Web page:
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Use of positive expiratory pressure during six minute walk test: results in patients with moderate to severe chronic obstructive pulmonary disease



The six-minute walk test (6MWT) is widely used because it is both simple and reliable as a measure of exercise capacity. Individuals with chronic obstructive pulmonary disease (COPD) usually show a limited capacity to perform exercise.


Our study is a prospective, randomized controlled trial which uses the 6MWT in one hundred consecutive in and out- patients with moderate to severe COPD to assess the benefit of a simple positive expiratory pressure (PEP) device. PEP device consisted of a PEP valve 5 cmH2O connected to 1-meter tube and a mouthpiece. All the enrolled patients performed a 6MWT before randomization. The following day PEP group patients performed the 6MWT using PEP device. Control group patients performed the 6MWT without this device. The primary outcome was the difference in distance (meters) walked.


Functional capacity assessed by the distance covered during 6MWT improved in the PEP group more than in the control group. The difference was statistically significant (p < 0.001).Oxygen saturation improved to a statistically significant level during 6MWT (p < 0.01). Heart rate was also reduced (p < 0.03).


There are few studies demonstrating that PEP devices enhance exercise capacity in COPD patients. Our results has been obtained using only a low positive expiratory pressure (5 cmH2O). In our opinion the strength of this study is the simplicity and the lower cost when compared to other devices and approaches. The study was registered as Chi CTR-ORC-12002173 at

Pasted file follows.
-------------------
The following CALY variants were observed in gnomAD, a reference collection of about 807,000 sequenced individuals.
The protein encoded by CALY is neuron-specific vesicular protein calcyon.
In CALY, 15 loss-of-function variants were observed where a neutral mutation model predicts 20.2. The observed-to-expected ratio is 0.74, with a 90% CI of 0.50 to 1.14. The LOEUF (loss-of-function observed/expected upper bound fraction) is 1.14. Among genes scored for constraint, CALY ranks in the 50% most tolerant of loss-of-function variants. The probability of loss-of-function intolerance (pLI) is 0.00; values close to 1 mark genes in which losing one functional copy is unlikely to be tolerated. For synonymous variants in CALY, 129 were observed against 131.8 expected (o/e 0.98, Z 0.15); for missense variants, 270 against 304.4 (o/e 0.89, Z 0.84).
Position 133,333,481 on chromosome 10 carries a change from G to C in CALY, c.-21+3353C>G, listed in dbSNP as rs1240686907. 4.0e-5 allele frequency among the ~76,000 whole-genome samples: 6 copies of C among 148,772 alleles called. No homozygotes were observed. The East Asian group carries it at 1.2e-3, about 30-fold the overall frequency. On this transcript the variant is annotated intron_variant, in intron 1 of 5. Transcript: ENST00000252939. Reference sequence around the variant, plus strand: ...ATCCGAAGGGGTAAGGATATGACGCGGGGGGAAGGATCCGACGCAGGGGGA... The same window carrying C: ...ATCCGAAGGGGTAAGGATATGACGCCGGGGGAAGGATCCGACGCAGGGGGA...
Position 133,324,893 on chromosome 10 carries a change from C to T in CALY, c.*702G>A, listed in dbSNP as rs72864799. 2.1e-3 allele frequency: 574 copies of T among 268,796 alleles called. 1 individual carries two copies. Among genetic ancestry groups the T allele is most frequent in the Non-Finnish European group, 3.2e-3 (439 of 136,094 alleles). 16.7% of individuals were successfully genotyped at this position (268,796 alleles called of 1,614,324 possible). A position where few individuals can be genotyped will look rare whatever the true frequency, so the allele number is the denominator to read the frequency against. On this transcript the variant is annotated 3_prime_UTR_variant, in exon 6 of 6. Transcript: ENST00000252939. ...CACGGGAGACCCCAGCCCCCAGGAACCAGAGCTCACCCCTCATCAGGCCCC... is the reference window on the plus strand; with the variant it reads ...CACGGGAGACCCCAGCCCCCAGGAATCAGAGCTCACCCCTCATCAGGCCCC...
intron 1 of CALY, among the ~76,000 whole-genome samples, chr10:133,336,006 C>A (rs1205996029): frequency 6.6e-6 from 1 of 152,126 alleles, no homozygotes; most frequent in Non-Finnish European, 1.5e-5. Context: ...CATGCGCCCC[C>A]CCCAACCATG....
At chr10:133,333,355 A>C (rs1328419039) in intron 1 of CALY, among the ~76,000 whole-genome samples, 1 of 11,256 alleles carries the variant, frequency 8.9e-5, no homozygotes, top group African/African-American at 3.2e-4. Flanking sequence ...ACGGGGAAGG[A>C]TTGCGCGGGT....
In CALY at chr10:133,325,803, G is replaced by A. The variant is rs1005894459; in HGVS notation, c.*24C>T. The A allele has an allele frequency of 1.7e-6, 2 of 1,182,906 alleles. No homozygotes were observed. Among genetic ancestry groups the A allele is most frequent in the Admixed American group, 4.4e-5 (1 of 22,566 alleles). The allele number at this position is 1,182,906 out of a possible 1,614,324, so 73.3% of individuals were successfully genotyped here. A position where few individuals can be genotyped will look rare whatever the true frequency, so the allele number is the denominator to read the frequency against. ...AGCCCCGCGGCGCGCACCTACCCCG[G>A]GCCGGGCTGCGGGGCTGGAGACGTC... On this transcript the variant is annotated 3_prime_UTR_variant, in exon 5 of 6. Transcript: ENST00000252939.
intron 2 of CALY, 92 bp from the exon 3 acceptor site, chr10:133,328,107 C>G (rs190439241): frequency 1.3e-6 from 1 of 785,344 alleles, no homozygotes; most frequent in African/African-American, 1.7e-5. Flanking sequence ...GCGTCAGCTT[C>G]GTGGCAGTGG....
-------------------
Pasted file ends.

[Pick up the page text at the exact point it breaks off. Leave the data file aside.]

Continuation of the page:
Exercise capacity is the most common measure of cardiovascular and metabolic efficiency. The six minute walk test (6MWT) is a standard procedure used to evaluate exercise capacity in pulmonary and cardiac patients[1]. Although the cardiopulmonary exercise test with gas exchange is the “gold standard” method for measuring exercise in respiratory medicine, its use in routine clinical practice is limited because it requires expensive and complex technology. The 6MWT is the most widely used because it is both simple and reliable as a measure of exercise capacity.

The 6MWT is internationally used to measure functional status and prognosis in patients with a wide variety of diseases, such as pulmonary hypertension, congestive heart failure or chronic obstructive pulmonary disease (COPD). It can also be utilized to investigate the effects of several interventions (rehabilitation, pharmacological therapy, oxygen supplementation) on the patients’ walking capacity[2, 3]. This test, referred to as a sub-maximal high-intensity constant-load exercise, is conducted for a period of 6 minutes while the patient is walking as far as possible. A supervised measurement of the distance walked (in meters), with associated pulse oximetry evaluations, and rating of dyspnea detected with the Borg scale or with visual analogic scale are then recorded as outcome measures[3]. In COPD patients the distance walked correlates moderately with either an individual’s health-related quality of life, symptoms, peak work capacity as assessed by CPET or pulmonary function[2, 3]. Most important, the distance walked is a surrogate marker of long-term survival in COPD patients, even when they are in the most advanced status of their disease[3].